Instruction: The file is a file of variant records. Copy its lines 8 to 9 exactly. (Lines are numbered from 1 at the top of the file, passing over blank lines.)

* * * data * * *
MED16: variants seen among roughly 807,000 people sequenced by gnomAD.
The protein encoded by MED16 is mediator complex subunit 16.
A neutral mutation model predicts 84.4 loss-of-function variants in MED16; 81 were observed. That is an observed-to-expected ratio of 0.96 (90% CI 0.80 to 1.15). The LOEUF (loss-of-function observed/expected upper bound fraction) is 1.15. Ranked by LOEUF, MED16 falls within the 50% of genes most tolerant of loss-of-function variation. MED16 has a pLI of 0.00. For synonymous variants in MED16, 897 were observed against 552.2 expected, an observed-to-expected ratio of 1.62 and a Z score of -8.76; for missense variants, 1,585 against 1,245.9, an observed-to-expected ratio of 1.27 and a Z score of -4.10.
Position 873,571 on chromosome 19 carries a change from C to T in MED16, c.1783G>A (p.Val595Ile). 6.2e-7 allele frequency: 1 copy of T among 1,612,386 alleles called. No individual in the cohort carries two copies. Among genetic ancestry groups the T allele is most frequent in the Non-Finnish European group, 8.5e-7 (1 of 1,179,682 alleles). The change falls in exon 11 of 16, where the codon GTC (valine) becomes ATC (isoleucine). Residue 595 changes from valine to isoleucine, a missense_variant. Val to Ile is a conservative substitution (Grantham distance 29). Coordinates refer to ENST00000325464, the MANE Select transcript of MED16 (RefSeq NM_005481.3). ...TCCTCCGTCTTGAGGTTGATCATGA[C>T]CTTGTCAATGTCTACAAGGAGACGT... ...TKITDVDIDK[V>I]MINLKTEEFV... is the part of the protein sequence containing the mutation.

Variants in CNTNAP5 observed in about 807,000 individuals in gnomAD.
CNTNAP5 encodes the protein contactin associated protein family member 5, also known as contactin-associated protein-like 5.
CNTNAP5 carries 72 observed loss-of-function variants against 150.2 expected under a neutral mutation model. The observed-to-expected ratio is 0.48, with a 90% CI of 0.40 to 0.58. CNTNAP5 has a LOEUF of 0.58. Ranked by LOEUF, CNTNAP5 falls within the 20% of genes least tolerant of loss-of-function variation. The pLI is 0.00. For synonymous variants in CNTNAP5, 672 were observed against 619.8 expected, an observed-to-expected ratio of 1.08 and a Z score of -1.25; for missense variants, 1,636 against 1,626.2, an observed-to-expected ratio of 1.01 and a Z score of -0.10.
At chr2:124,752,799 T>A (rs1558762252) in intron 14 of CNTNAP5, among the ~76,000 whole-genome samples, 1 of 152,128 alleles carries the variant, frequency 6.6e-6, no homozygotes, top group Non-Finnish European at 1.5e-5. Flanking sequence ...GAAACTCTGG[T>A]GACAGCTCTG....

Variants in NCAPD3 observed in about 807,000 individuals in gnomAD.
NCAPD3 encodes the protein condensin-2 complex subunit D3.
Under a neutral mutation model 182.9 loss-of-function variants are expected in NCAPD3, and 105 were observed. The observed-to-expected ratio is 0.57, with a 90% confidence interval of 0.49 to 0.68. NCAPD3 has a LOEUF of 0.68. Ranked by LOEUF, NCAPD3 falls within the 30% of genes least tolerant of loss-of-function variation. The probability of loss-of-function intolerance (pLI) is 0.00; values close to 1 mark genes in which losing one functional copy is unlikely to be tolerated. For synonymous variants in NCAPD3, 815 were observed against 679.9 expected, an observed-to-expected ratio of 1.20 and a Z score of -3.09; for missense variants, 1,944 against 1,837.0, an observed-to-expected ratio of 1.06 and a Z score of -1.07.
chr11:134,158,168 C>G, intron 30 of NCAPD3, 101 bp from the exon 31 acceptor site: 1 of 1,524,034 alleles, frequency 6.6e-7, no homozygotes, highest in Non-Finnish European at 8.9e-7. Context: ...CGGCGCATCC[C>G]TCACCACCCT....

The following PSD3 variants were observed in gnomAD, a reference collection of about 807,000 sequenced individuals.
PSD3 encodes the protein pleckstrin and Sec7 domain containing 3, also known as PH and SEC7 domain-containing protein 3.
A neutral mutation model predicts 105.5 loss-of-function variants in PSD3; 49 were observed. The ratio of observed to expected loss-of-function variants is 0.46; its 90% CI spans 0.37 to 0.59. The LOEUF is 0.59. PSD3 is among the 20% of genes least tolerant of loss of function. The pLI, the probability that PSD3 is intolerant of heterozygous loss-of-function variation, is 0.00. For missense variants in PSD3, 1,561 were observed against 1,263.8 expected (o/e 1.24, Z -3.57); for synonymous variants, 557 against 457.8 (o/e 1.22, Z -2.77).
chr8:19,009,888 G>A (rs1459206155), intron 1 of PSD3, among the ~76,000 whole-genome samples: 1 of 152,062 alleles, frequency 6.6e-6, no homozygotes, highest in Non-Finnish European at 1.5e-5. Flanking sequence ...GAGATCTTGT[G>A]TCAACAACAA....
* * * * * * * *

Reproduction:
At chr2:124,752,799 T>A (rs1558762252) in intron 14 of CNTNAP5, among the ~76,000 whole-genome samples, 1 of 152,128 alleles carries the variant, frequency 6.6e-6, no homozygotes, top group Non-Finnish European at 1.5e-5. Flanking sequence ...GAAACTCTGG[T>A]GACAGCTCTG....

Variants in NCAPD3 observed in about 807,000 individuals in gnomAD.